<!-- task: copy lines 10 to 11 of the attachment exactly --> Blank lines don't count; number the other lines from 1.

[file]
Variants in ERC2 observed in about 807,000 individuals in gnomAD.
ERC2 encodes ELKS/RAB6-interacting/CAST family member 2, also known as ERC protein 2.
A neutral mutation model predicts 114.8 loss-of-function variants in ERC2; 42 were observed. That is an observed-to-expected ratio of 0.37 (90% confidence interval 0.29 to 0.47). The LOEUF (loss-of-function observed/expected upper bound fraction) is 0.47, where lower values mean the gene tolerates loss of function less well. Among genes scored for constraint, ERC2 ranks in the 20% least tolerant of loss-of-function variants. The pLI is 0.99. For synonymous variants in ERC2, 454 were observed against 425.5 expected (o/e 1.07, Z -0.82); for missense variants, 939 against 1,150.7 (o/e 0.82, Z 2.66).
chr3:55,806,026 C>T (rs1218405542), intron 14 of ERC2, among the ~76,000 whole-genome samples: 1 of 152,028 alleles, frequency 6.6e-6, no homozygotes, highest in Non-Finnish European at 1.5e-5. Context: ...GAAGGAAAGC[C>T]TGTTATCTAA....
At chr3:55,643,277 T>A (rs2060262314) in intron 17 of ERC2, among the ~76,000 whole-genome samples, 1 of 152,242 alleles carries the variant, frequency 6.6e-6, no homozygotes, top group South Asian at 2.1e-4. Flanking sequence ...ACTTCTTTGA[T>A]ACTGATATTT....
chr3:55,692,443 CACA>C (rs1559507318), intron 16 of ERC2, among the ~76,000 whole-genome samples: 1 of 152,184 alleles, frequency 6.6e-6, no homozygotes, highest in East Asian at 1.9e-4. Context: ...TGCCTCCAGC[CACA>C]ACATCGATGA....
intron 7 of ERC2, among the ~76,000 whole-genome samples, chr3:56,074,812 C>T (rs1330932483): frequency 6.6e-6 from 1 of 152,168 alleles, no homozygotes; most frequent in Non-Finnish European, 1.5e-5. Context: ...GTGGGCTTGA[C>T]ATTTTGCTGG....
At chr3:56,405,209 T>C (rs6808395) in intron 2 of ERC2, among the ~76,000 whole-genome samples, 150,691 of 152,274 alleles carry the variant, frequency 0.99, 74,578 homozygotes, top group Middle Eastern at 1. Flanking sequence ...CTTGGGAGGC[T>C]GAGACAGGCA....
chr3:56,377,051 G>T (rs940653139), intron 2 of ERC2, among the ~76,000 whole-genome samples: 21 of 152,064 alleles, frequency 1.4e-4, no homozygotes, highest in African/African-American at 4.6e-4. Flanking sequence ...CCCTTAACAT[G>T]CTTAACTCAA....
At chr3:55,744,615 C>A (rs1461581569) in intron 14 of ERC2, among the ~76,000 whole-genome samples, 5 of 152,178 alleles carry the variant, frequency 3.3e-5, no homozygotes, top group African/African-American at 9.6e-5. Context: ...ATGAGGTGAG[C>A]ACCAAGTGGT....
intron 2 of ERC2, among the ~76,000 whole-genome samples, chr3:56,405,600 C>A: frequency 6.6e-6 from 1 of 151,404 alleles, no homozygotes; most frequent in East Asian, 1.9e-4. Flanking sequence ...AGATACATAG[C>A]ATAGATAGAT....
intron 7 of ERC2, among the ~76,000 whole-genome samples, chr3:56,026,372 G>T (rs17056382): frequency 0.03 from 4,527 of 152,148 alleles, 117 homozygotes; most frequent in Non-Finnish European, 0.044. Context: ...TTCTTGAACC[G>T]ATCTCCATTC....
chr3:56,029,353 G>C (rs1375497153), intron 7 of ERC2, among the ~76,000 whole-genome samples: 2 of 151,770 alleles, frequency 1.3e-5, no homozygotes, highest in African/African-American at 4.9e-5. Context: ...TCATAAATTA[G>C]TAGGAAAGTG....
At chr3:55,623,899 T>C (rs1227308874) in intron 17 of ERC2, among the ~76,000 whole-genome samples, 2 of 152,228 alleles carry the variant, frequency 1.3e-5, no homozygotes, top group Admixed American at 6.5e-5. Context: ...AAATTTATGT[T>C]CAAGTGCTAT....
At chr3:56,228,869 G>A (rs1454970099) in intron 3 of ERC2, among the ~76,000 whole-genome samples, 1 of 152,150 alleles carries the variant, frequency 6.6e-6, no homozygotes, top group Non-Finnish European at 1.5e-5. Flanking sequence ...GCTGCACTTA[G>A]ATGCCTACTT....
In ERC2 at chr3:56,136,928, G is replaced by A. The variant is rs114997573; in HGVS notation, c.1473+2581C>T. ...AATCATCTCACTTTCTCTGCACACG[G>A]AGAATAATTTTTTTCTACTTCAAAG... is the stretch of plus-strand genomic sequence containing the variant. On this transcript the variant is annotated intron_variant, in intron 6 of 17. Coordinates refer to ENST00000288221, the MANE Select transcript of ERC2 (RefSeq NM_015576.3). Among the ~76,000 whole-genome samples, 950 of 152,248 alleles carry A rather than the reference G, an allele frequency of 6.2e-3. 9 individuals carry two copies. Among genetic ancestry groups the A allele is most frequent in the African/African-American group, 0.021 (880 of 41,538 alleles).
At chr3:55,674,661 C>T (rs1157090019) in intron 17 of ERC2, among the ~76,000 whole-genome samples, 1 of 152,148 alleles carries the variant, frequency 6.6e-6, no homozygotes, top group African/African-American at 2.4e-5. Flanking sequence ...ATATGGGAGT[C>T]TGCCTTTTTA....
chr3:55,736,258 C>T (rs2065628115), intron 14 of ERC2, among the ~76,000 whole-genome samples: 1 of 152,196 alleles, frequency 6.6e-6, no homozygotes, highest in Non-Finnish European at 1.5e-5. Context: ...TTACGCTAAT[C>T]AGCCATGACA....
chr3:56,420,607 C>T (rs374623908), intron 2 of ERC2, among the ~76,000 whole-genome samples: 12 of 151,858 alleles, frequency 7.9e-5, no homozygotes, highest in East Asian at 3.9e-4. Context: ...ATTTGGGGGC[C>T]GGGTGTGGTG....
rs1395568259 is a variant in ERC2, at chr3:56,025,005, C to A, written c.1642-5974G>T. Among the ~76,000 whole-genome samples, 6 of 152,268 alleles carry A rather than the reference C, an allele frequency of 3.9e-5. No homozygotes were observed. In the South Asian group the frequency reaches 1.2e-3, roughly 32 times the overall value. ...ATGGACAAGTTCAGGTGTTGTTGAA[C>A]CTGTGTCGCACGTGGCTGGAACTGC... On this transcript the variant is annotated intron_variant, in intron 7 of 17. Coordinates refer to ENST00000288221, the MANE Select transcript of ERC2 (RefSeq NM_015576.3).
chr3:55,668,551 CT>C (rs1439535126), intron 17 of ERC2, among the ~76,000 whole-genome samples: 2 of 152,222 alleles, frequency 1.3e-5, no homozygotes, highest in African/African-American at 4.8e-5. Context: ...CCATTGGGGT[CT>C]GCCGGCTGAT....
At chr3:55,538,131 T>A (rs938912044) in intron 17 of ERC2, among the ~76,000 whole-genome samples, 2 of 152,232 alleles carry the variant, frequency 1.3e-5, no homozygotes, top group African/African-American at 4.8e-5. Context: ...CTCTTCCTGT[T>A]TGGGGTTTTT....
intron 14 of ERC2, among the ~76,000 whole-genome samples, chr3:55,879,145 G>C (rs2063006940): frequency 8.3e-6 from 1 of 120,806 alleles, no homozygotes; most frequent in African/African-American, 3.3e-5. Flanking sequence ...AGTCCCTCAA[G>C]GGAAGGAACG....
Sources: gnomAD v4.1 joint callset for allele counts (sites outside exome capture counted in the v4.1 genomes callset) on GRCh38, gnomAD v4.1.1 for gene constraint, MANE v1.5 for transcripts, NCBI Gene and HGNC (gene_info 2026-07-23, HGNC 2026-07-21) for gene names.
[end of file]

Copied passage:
At chr3:55,744,615 C>A (rs1461581569) in intron 14 of ERC2, among the ~76,000 whole-genome samples, 5 of 152,178 alleles carry the variant, frequency 3.3e-5, no homozygotes, top group African/African-American at 9.6e-5. Context: ...ATGAGGTGAG[C>A]ACCAAGTGGT....
intron 2 of ERC2, among the ~76,000 whole-genome samples, chr3:56,405,600 C>A: frequency 6.6e-6 from 1 of 151,404 alleles, no homozygotes; most frequent in East Asian, 1.9e-4. Flanking sequence ...AGATACATAG[C>A]ATAGATAGAT....